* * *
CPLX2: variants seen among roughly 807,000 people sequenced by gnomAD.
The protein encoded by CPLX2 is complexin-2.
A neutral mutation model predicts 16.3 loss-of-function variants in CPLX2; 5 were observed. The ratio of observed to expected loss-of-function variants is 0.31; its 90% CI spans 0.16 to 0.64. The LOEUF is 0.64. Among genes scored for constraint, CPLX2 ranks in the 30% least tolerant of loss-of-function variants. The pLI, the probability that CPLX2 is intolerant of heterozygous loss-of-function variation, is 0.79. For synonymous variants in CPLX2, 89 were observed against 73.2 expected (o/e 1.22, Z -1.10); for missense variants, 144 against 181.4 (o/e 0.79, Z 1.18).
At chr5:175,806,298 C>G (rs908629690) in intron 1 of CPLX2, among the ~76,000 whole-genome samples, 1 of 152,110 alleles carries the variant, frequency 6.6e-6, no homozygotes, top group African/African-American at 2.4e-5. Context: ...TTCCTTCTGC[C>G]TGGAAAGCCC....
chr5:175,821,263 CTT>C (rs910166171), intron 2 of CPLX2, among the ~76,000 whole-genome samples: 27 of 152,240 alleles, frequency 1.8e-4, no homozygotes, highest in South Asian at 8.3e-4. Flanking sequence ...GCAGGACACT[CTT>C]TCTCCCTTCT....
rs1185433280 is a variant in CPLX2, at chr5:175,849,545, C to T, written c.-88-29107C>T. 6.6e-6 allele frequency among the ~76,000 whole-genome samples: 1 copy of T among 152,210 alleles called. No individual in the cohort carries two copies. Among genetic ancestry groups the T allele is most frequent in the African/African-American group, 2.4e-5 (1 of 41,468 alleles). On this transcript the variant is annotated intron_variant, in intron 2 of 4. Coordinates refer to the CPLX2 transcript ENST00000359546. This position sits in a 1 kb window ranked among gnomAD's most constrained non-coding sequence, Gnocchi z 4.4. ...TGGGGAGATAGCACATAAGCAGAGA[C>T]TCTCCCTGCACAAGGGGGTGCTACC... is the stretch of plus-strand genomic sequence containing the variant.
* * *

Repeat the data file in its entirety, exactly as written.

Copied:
CPLX2: variants seen among roughly 807,000 people sequenced by gnomAD.
The protein encoded by CPLX2 is complexin-2.
A neutral mutation model predicts 16.3 loss-of-function variants in CPLX2; 5 were observed. The ratio of observed to expected loss-of-function variants is 0.31; its 90% CI spans 0.16 to 0.64. The LOEUF is 0.64. Among genes scored for constraint, CPLX2 ranks in the 30% least tolerant of loss-of-function variants. The pLI, the probability that CPLX2 is intolerant of heterozygous loss-of-function variation, is 0.79. For synonymous variants in CPLX2, 89 were observed against 73.2 expected (o/e 1.22, Z -1.10); for missense variants, 144 against 181.4 (o/e 0.79, Z 1.18).
At chr5:175,806,298 C>G (rs908629690) in intron 1 of CPLX2, among the ~76,000 whole-genome samples, 1 of 152,110 alleles carries the variant, frequency 6.6e-6, no homozygotes, top group African/African-American at 2.4e-5. Context: ...TTCCTTCTGC[C>G]TGGAAAGCCC....
chr5:175,821,263 CTT>C (rs910166171), intron 2 of CPLX2, among the ~76,000 whole-genome samples: 27 of 152,240 alleles, frequency 1.8e-4, no homozygotes, highest in South Asian at 8.3e-4. Flanking sequence ...GCAGGACACT[CTT>C]TCTCCCTTCT....
rs1185433280 is a variant in CPLX2, at chr5:175,849,545, C to T, written c.-88-29107C>T. 6.6e-6 allele frequency among the ~76,000 whole-genome samples: 1 copy of T among 152,210 alleles called. No individual in the cohort carries two copies. Among genetic ancestry groups the T allele is most frequent in the African/African-American group, 2.4e-5 (1 of 41,468 alleles). On this transcript the variant is annotated intron_variant, in intron 2 of 4. Coordinates refer to the CPLX2 transcript ENST00000359546. This position sits in a 1 kb window ranked among gnomAD's most constrained non-coding sequence, Gnocchi z 4.4. ...TGGGGAGATAGCACATAAGCAGAGA[C>T]TCTCCCTGCACAAGGGGGTGCTACC... is the stretch of plus-strand genomic sequence containing the variant.